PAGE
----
Our redivivus has answered again (archived), and it doesn’t get any better. But first let’s make one thing clear: our previous article on A.P.’s blunder was not written to “discredit his blog”, as he alleges, but only to debunk his feeble arguments, and the style was chosen to counter A.P.’s use of derogatory language, with which he had occasionally spiced his original article. But at least A.P. seems to have noticed that some of our comments were tongue-in-cheek: “That’s rich! Divine Julius calling Antoninus Pius senile!” At least that he noticed, but it doesn’t let him off the hook.

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Blog Watch: A Talking Dead

Barbarbarbar

The Roman emperor Antoninus Pius died in 161 CE. Although he was deified as Divus Antoninus, he has apparently chosen to leave the septentriones and repossess his bones. He now walks among the living again and maintains a blog, where he has just recently posted a short review of Francesco Carotta’s book Jesus was Caesar: “Jesus Christ and Julius Caesar: same initials, same man?” (archived). It is commendable that this Antoninus redivivus mentions another ancient man and god, Divus Iulius, and Carotta’s theory on what eventually became of that god, but upon closer examination we can notice lots of errors, patterns of bias, and it is particularly annoying that the sources are not always quoted correctly. So how about a couple of rebuttals and corrections? That shouldn’t be too hard, so we’ll get right down to business, even if we are aware that it is near impossible to convince biased people. Here are some examples. (To avoid confusion we will refer to this Antoninus simply as A.P. hereafter.)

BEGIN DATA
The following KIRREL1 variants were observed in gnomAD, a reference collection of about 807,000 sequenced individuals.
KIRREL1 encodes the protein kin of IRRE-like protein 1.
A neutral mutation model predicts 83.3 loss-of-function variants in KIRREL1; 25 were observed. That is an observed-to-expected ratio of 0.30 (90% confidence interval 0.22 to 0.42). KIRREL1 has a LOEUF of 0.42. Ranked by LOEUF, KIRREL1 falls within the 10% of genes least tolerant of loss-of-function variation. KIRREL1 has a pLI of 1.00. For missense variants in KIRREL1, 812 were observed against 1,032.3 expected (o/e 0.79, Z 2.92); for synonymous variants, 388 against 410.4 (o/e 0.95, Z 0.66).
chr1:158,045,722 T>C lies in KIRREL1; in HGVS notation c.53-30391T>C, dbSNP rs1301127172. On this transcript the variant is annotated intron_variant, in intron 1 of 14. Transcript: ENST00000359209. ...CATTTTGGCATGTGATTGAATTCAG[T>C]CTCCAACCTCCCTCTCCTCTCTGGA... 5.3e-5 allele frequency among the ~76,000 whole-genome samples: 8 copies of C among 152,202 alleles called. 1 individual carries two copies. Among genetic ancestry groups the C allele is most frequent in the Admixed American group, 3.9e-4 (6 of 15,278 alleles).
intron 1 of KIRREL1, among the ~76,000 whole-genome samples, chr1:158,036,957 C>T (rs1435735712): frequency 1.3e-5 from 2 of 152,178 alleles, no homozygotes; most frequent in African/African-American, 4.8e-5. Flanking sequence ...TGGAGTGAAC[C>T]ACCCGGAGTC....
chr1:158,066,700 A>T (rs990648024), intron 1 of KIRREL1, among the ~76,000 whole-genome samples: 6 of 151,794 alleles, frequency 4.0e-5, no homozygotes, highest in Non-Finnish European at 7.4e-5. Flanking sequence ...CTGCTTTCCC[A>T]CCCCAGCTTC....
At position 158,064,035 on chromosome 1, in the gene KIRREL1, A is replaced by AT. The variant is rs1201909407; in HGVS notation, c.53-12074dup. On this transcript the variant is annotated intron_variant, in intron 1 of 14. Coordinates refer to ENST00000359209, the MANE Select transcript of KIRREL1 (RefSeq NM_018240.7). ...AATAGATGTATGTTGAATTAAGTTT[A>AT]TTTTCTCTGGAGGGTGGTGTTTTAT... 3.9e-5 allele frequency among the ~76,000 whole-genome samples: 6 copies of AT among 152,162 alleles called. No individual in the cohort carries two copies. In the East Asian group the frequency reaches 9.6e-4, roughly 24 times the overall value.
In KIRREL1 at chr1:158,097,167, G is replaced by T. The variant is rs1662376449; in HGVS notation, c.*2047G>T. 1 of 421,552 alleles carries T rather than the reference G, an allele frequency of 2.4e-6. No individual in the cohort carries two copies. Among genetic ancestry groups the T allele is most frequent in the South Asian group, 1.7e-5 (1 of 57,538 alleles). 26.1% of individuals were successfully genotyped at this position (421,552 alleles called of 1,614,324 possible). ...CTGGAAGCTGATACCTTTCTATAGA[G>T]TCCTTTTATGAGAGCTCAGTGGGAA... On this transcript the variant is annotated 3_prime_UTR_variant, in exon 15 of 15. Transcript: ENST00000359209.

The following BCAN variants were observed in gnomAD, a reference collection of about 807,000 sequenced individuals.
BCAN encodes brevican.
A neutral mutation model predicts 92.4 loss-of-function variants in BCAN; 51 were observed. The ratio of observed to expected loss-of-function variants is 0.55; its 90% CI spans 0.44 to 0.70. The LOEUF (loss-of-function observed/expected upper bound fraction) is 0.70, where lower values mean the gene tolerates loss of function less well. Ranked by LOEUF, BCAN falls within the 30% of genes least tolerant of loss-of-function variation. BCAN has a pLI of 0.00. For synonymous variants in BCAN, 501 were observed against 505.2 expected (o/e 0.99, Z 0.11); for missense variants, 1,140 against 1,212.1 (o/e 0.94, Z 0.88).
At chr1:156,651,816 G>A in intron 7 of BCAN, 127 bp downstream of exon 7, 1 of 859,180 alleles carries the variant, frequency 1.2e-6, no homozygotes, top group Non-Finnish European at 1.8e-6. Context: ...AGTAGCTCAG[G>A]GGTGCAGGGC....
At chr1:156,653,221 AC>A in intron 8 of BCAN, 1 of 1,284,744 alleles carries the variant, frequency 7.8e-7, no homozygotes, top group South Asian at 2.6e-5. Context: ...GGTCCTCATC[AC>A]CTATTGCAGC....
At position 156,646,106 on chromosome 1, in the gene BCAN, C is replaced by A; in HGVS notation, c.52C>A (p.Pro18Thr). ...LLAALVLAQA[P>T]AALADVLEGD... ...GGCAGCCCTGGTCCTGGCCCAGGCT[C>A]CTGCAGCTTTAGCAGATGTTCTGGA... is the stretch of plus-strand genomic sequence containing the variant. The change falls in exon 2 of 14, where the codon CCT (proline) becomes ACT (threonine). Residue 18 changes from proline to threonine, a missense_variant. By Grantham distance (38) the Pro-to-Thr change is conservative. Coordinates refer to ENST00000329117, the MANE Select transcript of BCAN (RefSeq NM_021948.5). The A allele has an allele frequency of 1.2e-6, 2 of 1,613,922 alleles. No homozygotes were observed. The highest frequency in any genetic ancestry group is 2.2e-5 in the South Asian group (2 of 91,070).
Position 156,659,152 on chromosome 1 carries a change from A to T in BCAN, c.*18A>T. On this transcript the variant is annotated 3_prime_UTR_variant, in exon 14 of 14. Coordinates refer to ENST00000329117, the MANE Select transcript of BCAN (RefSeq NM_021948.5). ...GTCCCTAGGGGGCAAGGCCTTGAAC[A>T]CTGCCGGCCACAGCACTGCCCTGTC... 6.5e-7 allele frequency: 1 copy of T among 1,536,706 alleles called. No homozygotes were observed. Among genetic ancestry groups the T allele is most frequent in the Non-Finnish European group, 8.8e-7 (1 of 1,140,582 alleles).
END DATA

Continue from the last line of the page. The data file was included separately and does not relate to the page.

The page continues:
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The arsonist Apostles in the Gospel of Peter

In the Gospel of Peter there is a peculiar remark by the apocryphal evangelist who uses the Apostle Peter as his proxy (GPet 7:26):

ἐγὼ δὲ μετὰ τῶν ἑταίρων μου ἐλυπούμην, καὶ τετρωμένοι κατὰ διάνοιαν ἐκρυβόμεθα· ἐζητούμεθα γὰρ ὑπ᾿ αὐτῶν ὡς κακοῦργοι καὶ ὡς τὸν ναὸν θέλοντες ἐμπρῆσαι.